[FOUNTAIN]Business tips from ToyotaPeople who visit the headquarters of Toyota Motor Corporation in Toyota, Aichi Prefecture for the first time are surprised. The office appears paltry, with peeling cabinets and outmoded desktop computers scattered around. When looking at the old dial phones on the desk, it makes one ponder, “Isn’t this out-of-date for such an industrial giant?”
The unspectacular vernacular spoken by the top board of directors at Toyota resembles the humble demeanor of the office buildings, a prime example being the deft executive Hiroshi Okuda, who became the chairman of Toyota in 1995 and rescued the company. Right before leaving his position in June of last year, he astonished people by saying, “The only new device we invented independently in the Japanese automotive field was the folding side mirror.” He responded in this unexceptional, irrelevant manner to a question posed about his secret for keeping profits over 1 trillion yen (about $8.4 billion) every year.
The press dubbed his successor, Fujio Cho, the “black hole.” When he became the chairman of Toyota, Time Magazine in 2004 named Mr. Cho as one of the world’s 100 most influential people. However, he was unpopular with overzealous reporters because when asked the question, “When will you beat GM?” he always responded listlessly, “We thank our customers,” and, “We will work hard.” There was no need to prod the U.S. automotive industry, which was going through difficult times. However, some have portrayed Toyota’s humility and caution as being excessively timid.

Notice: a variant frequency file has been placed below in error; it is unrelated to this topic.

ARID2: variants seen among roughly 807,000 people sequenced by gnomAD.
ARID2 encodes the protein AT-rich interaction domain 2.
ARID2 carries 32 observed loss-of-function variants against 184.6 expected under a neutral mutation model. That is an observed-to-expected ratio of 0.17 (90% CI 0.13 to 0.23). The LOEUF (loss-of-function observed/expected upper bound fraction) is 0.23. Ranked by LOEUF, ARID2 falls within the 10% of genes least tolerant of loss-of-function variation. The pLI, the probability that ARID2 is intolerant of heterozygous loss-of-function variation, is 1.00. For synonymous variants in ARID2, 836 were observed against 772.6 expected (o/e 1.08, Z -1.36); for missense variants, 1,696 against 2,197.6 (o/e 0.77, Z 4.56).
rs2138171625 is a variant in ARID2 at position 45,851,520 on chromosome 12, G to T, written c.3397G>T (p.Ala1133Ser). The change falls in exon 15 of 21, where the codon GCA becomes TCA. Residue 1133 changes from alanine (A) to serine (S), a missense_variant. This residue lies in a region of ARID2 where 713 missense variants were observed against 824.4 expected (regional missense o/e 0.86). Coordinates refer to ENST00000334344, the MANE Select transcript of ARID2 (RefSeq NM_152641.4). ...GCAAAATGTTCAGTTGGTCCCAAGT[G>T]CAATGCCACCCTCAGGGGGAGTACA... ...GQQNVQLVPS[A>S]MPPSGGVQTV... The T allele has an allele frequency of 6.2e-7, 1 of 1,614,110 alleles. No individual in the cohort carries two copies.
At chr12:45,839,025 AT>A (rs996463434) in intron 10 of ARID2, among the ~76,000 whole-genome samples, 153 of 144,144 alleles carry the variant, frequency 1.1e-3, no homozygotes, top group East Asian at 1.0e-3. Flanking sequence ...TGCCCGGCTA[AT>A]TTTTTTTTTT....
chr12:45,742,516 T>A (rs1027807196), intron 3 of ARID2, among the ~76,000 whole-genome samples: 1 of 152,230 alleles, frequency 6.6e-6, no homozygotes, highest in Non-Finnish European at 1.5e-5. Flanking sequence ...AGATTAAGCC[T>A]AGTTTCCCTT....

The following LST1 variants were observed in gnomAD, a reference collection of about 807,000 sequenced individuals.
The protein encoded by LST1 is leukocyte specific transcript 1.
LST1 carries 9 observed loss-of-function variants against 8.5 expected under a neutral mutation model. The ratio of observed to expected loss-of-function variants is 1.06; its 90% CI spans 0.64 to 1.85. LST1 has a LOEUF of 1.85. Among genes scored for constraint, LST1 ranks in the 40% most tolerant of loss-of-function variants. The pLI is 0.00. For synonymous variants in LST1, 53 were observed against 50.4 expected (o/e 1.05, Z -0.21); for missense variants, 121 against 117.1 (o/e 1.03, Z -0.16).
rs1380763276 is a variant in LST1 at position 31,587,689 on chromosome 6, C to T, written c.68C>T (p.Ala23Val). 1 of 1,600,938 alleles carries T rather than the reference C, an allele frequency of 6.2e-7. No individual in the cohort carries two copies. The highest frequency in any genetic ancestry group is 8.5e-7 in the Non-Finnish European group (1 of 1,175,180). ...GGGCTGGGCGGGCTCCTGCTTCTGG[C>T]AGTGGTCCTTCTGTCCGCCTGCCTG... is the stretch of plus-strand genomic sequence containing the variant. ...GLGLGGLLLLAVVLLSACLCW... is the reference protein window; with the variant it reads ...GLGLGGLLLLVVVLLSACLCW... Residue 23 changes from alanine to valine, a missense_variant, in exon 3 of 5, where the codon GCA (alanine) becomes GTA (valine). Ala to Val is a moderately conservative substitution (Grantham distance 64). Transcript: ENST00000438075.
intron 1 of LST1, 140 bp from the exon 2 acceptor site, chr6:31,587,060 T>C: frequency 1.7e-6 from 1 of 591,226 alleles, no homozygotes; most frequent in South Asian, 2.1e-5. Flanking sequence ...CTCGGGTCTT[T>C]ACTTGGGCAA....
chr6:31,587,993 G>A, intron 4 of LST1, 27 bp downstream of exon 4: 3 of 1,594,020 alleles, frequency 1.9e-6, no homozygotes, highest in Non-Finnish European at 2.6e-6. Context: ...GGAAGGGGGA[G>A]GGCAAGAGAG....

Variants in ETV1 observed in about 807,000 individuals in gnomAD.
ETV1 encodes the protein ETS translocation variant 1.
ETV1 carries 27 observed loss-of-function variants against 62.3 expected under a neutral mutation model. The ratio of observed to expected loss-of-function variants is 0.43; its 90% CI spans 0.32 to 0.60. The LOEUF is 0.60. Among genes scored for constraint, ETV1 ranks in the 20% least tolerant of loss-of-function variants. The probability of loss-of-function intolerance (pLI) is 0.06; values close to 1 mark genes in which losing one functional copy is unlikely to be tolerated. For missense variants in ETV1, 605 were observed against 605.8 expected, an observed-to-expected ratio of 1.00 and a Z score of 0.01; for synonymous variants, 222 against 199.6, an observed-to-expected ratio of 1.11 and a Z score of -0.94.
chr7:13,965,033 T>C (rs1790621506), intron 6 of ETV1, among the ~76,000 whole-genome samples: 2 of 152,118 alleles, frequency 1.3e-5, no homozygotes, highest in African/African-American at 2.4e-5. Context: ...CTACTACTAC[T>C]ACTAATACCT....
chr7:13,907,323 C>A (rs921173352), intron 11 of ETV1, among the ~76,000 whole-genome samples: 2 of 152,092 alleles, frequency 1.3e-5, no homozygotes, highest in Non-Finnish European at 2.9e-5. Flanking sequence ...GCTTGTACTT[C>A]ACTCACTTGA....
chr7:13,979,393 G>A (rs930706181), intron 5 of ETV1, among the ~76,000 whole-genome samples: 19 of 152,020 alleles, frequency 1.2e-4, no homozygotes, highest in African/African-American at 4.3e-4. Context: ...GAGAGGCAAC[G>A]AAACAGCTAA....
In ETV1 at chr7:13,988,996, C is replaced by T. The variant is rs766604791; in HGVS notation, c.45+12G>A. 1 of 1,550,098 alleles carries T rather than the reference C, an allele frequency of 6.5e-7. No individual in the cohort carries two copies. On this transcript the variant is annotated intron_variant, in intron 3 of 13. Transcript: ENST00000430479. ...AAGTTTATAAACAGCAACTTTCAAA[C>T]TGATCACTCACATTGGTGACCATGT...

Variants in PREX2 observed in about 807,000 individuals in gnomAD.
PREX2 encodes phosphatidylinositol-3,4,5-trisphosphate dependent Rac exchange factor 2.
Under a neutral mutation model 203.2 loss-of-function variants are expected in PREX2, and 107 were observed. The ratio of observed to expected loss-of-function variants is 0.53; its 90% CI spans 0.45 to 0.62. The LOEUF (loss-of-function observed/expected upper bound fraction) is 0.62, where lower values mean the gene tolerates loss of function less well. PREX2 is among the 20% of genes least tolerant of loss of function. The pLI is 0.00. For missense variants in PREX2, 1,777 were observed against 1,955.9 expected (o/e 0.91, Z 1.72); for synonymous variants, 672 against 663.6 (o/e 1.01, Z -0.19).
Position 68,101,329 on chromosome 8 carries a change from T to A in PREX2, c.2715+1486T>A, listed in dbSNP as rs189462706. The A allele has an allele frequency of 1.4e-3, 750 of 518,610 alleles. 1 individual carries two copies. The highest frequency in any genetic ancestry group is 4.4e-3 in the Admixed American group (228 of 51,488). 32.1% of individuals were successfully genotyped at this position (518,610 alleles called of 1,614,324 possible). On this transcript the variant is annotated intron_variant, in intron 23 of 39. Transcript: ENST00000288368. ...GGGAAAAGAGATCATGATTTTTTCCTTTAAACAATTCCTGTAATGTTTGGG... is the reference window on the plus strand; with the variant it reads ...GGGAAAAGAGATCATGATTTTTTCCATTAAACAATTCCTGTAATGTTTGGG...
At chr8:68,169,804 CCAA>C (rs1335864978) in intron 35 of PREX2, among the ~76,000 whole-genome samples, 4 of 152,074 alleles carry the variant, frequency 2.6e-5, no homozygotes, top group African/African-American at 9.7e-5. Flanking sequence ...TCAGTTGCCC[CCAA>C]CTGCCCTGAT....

Toyota once again prostrated itself as soon as it was evident that Toyota had sold more cars than GM for the first time (Toyota had set a goal of selling 9,340,000 cars). President Katsuaki Watanabe spoke apathetically at a year-end press conference, saying, “We were able to (come in first) because we ardently adhered to our philosophy of perpetual improvement, but coming in first was not our goal.” It seemed as if he was apologizing for defeating a country that had been the cornerstone of automobiles for the past hundred years.
Whenever the company was doing well, in order to incite employees who might rest on their laurels, former CEO Okuda used to say, “Toyota’s greatest competitor is Toyota.” We have a significant number of global companies expecting to do well this year. If these companies become conceited, our struggling economy will worsen. It might be a good idea for these companies to remember the behavior of the industrial giant Toyota and remember the epigram, “Good is the enemy of great” (from “Good to Great” by Jim Collins).
The writer is a deputy business editor of the JoongAng Ilbo
by Hong Seung-il